At The Height Of Summer

At The Height Of Summer


Reviewed by: Angus Wolfe Murray

Essentially an ensemble piece surrounding three sisters and a brother in Vietnam, Tran Anh Hung has created a beautiful looking film. For those who saw The Scent Of Green Papaya, this will come as no surprise.

Time and place is a little ambiguous. The family appears middle-class, living in attractive apartments, where the colours are warm and the flowers opulent. Lou Reed plays on the music centre. Elaborate meals are prepared, with style and artistry. The women are ravishing, the men intelligent and sensitive. Is this Hanoi in the 21st century?

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Although close, the sisters have desires and secrets they do not share. An air of sensuality envelopes everything they do, whether it is exercising in the morning or preparing a chicken. Their sex lives are a little more complicated. The youngest, for example, shares a flat with her brother and occasionally his bed, although he does not encourage this, because, more often than not, he ends up on the floor.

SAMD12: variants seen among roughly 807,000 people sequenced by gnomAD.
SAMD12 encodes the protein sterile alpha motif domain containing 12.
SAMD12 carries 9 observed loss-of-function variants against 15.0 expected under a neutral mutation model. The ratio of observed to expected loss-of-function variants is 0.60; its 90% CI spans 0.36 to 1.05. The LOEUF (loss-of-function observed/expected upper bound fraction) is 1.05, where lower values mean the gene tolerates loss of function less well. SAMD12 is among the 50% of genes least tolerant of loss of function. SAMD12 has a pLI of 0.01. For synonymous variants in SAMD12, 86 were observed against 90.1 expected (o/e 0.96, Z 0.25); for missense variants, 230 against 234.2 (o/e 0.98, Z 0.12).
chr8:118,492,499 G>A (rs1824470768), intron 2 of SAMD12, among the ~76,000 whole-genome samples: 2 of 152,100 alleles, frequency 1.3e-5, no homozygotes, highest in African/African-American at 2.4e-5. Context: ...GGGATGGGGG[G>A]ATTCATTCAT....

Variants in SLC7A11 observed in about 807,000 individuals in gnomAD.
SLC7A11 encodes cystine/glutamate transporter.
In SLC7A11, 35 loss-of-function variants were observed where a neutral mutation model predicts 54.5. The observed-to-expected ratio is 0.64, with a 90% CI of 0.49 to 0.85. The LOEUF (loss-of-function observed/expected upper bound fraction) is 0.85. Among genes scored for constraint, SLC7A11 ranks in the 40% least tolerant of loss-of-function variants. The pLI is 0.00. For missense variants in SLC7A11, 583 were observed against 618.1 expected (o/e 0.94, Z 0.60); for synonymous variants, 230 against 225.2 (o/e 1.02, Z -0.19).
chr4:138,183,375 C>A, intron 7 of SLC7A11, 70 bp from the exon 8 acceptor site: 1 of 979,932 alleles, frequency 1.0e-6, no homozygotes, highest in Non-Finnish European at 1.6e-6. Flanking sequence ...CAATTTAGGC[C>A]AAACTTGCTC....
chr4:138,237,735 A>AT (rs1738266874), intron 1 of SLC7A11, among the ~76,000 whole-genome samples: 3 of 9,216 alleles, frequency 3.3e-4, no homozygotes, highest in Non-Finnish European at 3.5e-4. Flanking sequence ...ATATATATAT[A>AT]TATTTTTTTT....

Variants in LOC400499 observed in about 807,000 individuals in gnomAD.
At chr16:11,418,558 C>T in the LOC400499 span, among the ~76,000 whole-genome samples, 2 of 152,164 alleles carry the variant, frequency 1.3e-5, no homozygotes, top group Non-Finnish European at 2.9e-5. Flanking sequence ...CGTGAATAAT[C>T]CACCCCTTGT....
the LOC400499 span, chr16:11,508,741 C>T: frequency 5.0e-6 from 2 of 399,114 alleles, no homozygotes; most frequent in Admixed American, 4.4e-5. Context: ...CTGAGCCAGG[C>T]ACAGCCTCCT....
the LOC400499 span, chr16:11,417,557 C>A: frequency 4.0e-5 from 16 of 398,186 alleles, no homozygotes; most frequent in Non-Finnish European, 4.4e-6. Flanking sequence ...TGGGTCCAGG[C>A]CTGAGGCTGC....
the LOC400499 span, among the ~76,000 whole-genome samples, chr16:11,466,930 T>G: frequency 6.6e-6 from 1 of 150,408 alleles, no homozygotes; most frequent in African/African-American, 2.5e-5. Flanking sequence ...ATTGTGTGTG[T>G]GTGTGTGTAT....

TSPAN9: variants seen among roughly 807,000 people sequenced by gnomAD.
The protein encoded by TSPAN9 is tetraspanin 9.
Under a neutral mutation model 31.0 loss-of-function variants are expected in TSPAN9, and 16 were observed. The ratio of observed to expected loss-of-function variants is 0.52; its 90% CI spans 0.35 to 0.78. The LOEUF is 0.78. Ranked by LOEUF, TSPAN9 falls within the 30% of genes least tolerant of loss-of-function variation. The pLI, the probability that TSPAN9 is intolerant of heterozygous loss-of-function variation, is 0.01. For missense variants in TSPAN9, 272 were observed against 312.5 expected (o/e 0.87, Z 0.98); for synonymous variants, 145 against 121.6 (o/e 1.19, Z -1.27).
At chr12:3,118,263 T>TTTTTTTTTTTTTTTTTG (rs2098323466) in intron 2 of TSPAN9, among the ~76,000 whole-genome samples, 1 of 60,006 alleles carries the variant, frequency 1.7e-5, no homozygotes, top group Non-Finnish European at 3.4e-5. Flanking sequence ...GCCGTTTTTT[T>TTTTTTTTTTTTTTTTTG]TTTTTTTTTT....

They tend to sleep in the afternoon and smoke, celebrating the death of their parents, as a joyous ritual, while accepting, with a smile, the irony that during their lifetime birthdays were generally forgotten. The pace is unhurried, the shocks cushioned by good manner.

As an antidote to Californian neurosis, this is a balm - no politics, no talk of the war, no poverty.

Reviewed on: 21 Sep 2001
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At The Height Of Summer packshot
Close-knit Vietnamese family exposes secrets of an emotional/sexual nature.
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Director: Trân Anh Hùng

Writer: Trân Anh Hùng

Starring: Tran Nu Yen Khe, Le Khanh, Chu Hung

Year: 2000

Runtime: 112 minutes

BBFC: PG - Parental Guidance

Country: France/Germany/Vietnam


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